Malta Property Sale – Selling Property

Anton John Mifsud | Published on 28 авг 2012 | Updated on 05 сен 2018

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Introduction

Be it for personal, professional or any other reason for which an owner may choose to sell his property, the selling process may involve numerous issues and whilst the process is relatively straightforward, guidance from legal professionals is generally called for to ensure that the rights of the seller are being protected in every step of the way.

Valuing the property

Having decided to sell one’s property, an owner’s first challenge is to establish the market value of the same and set the price for which it is to be sold. Determining the right price is crucial not only from a marketing perspective to attract potential buyers but also from a financial point of view in that the price set for the sale determines the taxable amount of the said transaction.

In theory, a seller can set any price at which the property is to be sold. In practice, however, most sellers resort to estate agencies which value the property (through the advice of their architects) and recommend a selling price to the owner after considering the local real estate market, prices of similar properties and current pricing trends. Nothing precludes a vendor from engaging more than one estate agency but typically the estate agency fees are higher in case of open agency as opposed to cases where an exclusive contract is in place. Typically, sellers opt to advertise their properties by engaging the same estate agents. In fact, most agents take out local press advertising, place property details on their websites or feature the seller’s property on their publications.

Once a prospective purchaser has been identified, the next step for the seller is to enter into a Promise of Sale Agreement. At this stage, it is highly advisable that the seller appoints a legal representative to ensure its rights are protected, since the role of the estate agents is typically limited to helping in finding the right buyer for the seller’s property.

Promise of Sale Agreement

The Promise of Sale Agreement (the konvenju) is a very important phase in the acquisition process in that it sets out the conditions under which the property shall eventually be purchased. The contract is typically concluded between the legal representatives of both the buyer and the seller based on prior negotiations.

Generally speaking, a standard Promise of Sale Agreement includes:

  • Details of the contracting parties;
  • Detailed description of the property;
  • Details on payment of a deposit;
  • Minimum conditions surrounding the purchase;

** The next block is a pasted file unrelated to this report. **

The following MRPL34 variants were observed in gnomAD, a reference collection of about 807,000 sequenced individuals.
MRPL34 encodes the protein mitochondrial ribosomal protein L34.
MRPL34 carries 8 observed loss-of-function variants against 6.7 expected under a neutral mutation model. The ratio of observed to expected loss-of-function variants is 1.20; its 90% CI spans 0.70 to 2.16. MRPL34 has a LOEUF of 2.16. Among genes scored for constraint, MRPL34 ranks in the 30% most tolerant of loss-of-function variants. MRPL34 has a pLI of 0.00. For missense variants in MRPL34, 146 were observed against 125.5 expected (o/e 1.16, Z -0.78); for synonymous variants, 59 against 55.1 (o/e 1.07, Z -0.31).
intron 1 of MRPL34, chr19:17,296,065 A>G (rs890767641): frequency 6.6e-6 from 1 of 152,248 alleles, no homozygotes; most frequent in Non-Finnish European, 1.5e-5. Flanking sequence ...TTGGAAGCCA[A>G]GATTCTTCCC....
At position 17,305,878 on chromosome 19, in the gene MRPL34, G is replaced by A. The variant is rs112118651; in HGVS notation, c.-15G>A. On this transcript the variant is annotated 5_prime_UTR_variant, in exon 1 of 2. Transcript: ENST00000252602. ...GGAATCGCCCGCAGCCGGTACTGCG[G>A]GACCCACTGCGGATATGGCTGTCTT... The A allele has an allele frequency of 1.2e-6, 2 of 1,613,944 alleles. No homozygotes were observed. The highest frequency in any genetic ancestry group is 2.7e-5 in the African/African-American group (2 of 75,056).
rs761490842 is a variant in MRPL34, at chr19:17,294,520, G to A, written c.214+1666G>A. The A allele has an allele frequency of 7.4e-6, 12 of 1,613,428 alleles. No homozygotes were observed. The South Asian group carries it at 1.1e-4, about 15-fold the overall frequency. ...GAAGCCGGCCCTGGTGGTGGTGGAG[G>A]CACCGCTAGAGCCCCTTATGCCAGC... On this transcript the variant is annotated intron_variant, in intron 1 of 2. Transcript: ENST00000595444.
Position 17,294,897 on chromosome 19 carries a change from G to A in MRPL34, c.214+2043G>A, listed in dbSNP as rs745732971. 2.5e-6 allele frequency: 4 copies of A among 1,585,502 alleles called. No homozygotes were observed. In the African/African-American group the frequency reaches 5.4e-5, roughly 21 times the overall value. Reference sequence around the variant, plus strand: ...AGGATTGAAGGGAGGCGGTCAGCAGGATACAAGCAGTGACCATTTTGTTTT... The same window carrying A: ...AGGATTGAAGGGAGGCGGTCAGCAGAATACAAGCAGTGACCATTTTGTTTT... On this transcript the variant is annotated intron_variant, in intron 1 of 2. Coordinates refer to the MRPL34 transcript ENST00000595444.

• Agreement on the remaining works to be undertaken (if any);
  • Clauses on payment due to the estate agent (if any);
  • Condition that on final deed, the vendor will warrant peaceful possession according to law;
  • Date by which the Final Deed needs to be signed;
  • Authority to the Notary to register the Promise of Sale Agreement with the Commissioner of Inland Revenue.

Customarily the Promise of Sale Agreement has a term of validity of three months; however, the parties are free to agree on a shorter or a longer period. If no time frame is indicated, the Promise of Sale Agreement has a validity of 90 days. During this period, all the conditions in the Promise of Sale on which the Final Deed rests must be fulfilled.

On signature of the Promise of Sale Agreement, the prospective buyer would typically transfer 10% of the value of the property, which is usually held in escrow by the Notary Public, typically appointed by the purchaser, and released to the vendor upon the Final Deed of Sale. For its validity, it is essential that the Promise of Sale Agreement be executed in written form. Thereupon, the document must be registered, and provisional duty amounting to 1% of the purchase price paid by the prospective purchaser within 21 calendar days to the Inland Revenue Department.

It is essential that one makes a distinction between the Promise of Sale and the Final Deed that completes the sale. This distinction is important both from an academic and practical perspective in that upon signature of the Promise of Sale Agreement, there is no change in ownership, and the prospective buyer becomes the effective owner only upon the signature of the Final Deed of Sale. Thus, following the Promise of Sale Agreement stage, risk would still lie with the prospective vendor.

What happens during the term of the Promise of Sale?

During the three month term, or as otherwise agreed upon between the parties, both parties much ensure that the conditions on which the Final Deed of Sale depends are fulfilled.